Nearly 20 of us met in February to start planning our exhibition for Dublin Maker 2020. The big event is to be held on the 27th of June in Herbert Park, on the south-side of Dublin.
Last week, a portion of our team reassembled to get different people’s parts working together in a coordinated way. I’ve created a little video of that second prep session for you to enjoy.
One thing that worries me, though, is that all the stuff my colleagues have made looks so very cool, so incredibly professional, that visitors to our Dublin Maker booth will think they BOUGHT this ready-made. Not so.
For instance, Keith Colton (in the video with the bandaid on his thumb) used a 3D printer to make the car he’s holding. He made it from scratch.
Shane Ormond combined a whole bunch of cutting-edge technologies to get a tiny camera on top of his race car to feed video into the VR headsets and TV monitors, all the while controlling the car’s behavior from a hand-held device. He’s been sending us video updates from his house and it’s been cool to watch his car speed under sofas and chairs and around his lovely home.
When I tired driving, I couldn’t control the car too well–and I’m pretty used to driving sporty cars! In this case, the car didn’t quite have the handling of my 2004 Nissan Z350. The car was racing around at top speed and the VR googles made it all seem much too real!
Note in he video how Paul Leamy’s stomach turned when his car flipped over. Seemed real! You can see on the TV monitor, but viewed through VR goggles it’s all the more gripping.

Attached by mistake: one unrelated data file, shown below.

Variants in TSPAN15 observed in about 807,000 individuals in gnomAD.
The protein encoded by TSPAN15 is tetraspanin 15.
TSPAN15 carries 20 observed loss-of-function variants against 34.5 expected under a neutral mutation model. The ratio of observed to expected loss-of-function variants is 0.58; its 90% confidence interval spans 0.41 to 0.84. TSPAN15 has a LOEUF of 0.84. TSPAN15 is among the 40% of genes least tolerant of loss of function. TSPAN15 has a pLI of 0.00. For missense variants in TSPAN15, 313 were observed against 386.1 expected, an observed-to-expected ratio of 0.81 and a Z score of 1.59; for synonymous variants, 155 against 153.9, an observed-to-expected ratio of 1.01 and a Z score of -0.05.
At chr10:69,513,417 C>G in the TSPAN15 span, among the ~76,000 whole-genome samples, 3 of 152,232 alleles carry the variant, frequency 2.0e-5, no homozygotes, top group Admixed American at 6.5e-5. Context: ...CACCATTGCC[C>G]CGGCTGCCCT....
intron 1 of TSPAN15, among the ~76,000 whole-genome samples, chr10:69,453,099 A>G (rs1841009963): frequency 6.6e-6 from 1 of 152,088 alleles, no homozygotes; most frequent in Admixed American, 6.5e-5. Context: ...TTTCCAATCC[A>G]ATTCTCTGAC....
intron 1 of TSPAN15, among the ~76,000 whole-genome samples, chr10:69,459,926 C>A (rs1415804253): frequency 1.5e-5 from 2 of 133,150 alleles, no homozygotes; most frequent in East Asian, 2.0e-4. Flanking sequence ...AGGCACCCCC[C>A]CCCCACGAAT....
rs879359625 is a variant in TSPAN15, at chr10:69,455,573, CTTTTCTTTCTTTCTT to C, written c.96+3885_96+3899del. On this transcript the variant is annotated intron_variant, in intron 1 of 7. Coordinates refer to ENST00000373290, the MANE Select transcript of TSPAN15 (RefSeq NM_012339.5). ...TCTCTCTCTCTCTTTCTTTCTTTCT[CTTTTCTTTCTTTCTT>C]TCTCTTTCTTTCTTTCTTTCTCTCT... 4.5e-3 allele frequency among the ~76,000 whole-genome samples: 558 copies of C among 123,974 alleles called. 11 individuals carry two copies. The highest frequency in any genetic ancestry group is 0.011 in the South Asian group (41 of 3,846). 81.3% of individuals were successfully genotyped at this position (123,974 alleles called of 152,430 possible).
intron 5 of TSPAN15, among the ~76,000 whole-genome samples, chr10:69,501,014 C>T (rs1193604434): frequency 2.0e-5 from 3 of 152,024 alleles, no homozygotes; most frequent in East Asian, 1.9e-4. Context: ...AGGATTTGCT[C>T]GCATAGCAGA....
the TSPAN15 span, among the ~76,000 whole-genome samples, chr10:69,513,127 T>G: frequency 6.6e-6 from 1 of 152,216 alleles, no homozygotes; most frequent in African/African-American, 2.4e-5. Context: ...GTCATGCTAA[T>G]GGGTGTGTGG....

So, see for yourself!
Come on out on June 27th to see where all this leads. Our team is just at the start and we plan to build a plethora of buses, stop lights, trams, and Dublin city sites for our cars to whizz though on Dublin Maker day 2020.
Producing robot-building events requires warp-speed learning. In just the past few days, helping with a Dublin Maker event, I learned:
to quickly make and post educational videos
to setup and run a RoboSlam educational booth
how to teach teenty-tiny tots to build robots
what “Makers” are, what they do, and how they talk (it’s a whole new language to me!)
about 3-D printing and how to build (and even invent) your own machines using laser cutters and 3-D printers
I’ve posted links to two videos I made as well as some photos from last Saturday’s Dublin Maker event.
Here’s the edited video we posted to introduce RoboSlam.com to website visitors. I am really quite proud of it!
Here’s the short promo video we posted earlier last week to advertise the fair:
I wish I could convey the excitement of seeing little four and six year old girls build their first robots… and tiny little boys jump up and down with glee as they discover the difference between remote-controlled and autonomous robots!
Although I captured some behind-the-scenes images of set up and take down with my still cameras (posted below) they don’t come anywhere close to showing what it was like to be there. Fortunately, I was able to capture some video of the kids building and operating robots so we can learn from it and create even better programs in the future!
The Dublin Maker event was held on the grounds of Trinity College.
My colleagues and I set up a booth to show off the RoboSlam robots.
DIT lecturer Ted Burke had designed an entirely new robot (in blue) for use with remote controllers.
DIT student Shane Ormonde invented a robot just for the event.
We displayed RoboSumo robots made by DIT students…
…helped kids learn about and operate various types of robots…
…explained engineering concepts to people of all ages…
…re-connected with participants from previous RoboSlam workshops…
…and taught a number of fair-goers how to build their own robots. One 6 year old girl built a robot start to finish!
Our RoboSlam volunteers also got…
…to visit other people’s exhibits….
…learn creative new approaches…
…and meet Makers like Tony, from the FabLab in Derry.
We also met David Hunt…
…who makes camera equipment…
…and other nifty devices that are remote controlled…
…using “Raspberry Pi” controllers.
David Hunt uses laser cutters and this 3-D printer to make parts…